Effectiveness and Safety of Prophylactic-Dose Heparin for Thromboprophylaxis in Hospitalized Inflammatory Bowel Disease Patients
PresenterFlash Talk Presenter
Ghadeer Dawwas, PhD, MSc, MBA is a postdoctoral fellow in the Department of Epidemiology, Biostatistics and informatics at the Perelman School of Medicine of the University of Pennsylvania. Dr. Dawwas’s research focuses on the comparative effectiveness and safety of medical products in selected patients’ populations who were often excluded or underrepresented in randomized clinical trials.
Hospitalized inflammatory bowel disease (IBD) patients are at increased risk of venous thromboembolism (VTE) and mortality.
To evaluate the effectiveness and safety of prophylactic-dose heparin compared with no anticoagulation in hospitalized IBD patients.
This was a retrospective cohort study using a hospital-based, all-payer database from Premiere Healthcare, which reflects 25% of all inpatient encounters in the U.S. We included adult patients with IBD who had a length of hospital stay ≥ 2 days from January 1, 2016, through December 31, 2019. We excluded patients who had other indications for anticoagulation (e.g., VTE, atrial fibrillation, mechanical heart valve), users of oral anticoagulants, and users of heparin at therapeutic-dose. The primary effectiveness outcome was a composite of VTE and all-cause in-hospital mortality. The primary safety outcome was a composite of intracranial bleeding and gastrointestinal bleeding. We used propensity score matching to reduce potential differences between users and non-users. We estimated relative risk (RR) and 95% confidence interval (CI) using logistic regression models.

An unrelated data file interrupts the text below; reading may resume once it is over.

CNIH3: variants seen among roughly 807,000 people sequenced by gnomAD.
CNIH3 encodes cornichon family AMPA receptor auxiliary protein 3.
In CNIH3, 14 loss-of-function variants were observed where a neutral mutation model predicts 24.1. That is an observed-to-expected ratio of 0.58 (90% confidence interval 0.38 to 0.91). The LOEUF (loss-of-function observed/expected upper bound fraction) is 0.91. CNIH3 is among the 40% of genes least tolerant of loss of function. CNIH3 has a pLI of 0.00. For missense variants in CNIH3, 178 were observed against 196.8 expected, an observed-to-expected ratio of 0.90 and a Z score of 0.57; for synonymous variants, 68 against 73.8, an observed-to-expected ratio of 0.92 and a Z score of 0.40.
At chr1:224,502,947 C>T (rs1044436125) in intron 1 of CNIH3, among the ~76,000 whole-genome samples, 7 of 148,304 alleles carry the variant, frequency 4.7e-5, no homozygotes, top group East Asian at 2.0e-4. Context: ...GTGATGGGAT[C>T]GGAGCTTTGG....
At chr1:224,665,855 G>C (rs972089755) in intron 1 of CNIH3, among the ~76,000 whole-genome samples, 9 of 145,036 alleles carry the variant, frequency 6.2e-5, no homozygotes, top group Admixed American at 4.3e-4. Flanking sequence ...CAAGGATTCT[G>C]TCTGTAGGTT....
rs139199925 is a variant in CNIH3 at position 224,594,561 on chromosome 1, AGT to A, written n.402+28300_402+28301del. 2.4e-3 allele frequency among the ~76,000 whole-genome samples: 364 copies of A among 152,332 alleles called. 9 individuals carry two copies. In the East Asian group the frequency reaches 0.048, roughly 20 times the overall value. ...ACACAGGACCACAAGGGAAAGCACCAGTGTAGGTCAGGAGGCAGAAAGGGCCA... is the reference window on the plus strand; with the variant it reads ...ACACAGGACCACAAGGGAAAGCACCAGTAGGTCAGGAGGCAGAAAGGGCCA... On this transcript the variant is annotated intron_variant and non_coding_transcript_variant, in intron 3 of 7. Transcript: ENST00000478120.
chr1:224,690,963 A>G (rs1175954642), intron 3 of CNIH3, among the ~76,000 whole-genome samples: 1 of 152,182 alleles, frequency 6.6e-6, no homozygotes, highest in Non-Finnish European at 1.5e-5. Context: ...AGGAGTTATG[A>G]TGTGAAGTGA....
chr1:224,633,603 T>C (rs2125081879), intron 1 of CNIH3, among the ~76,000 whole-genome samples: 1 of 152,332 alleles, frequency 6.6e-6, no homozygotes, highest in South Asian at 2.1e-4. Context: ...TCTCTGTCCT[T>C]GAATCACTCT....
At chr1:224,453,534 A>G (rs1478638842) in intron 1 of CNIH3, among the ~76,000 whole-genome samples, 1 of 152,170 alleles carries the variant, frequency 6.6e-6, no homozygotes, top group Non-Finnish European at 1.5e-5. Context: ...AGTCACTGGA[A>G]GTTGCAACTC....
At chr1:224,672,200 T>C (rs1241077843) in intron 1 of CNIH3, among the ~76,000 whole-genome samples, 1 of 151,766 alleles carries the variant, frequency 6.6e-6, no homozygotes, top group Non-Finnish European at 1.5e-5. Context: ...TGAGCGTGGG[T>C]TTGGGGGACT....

The analysis included 8,840 IBD patients (n=4,420 for users and n=4,420 for non-users). The composite of in-hospital mortality and VTE occurred in 14 (0.3%) users and 46 (1.0%) non-users. In the adjusted analysis, prophylactic use of anticoagulants (vs. no use) was associated with a lower risk of VTE and all-cause mortality (RR, 0.33, 95% CI 0.18 to 0.61) with no difference in bleeding risk (RR, 0.85, 0.66 to 1.10). The results for the effectiveness and safety outcome remained consistent for VTE (RR, 0.26, 0.11 to 0.59) and all-cause mortality (RR, 0.43, 0.18 to 1.06).
In this comparative effectiveness and safety study of hospitalized IBD patients, prophylactic heparin was associated with a lower risk of VTE and all-cause mortality without increasing bleeding risk compared with no anticoagulation. Our results suggest potential benefits for prophylactic anticoagulation to reduce the burden of VTE in hospitalized IBD patients.
KeywordsApixaban, warfarin, anticoagulants, heparin, venous thromboembolism, inflammatory bowel disease, pharmacoepidemiology, gastroenterology
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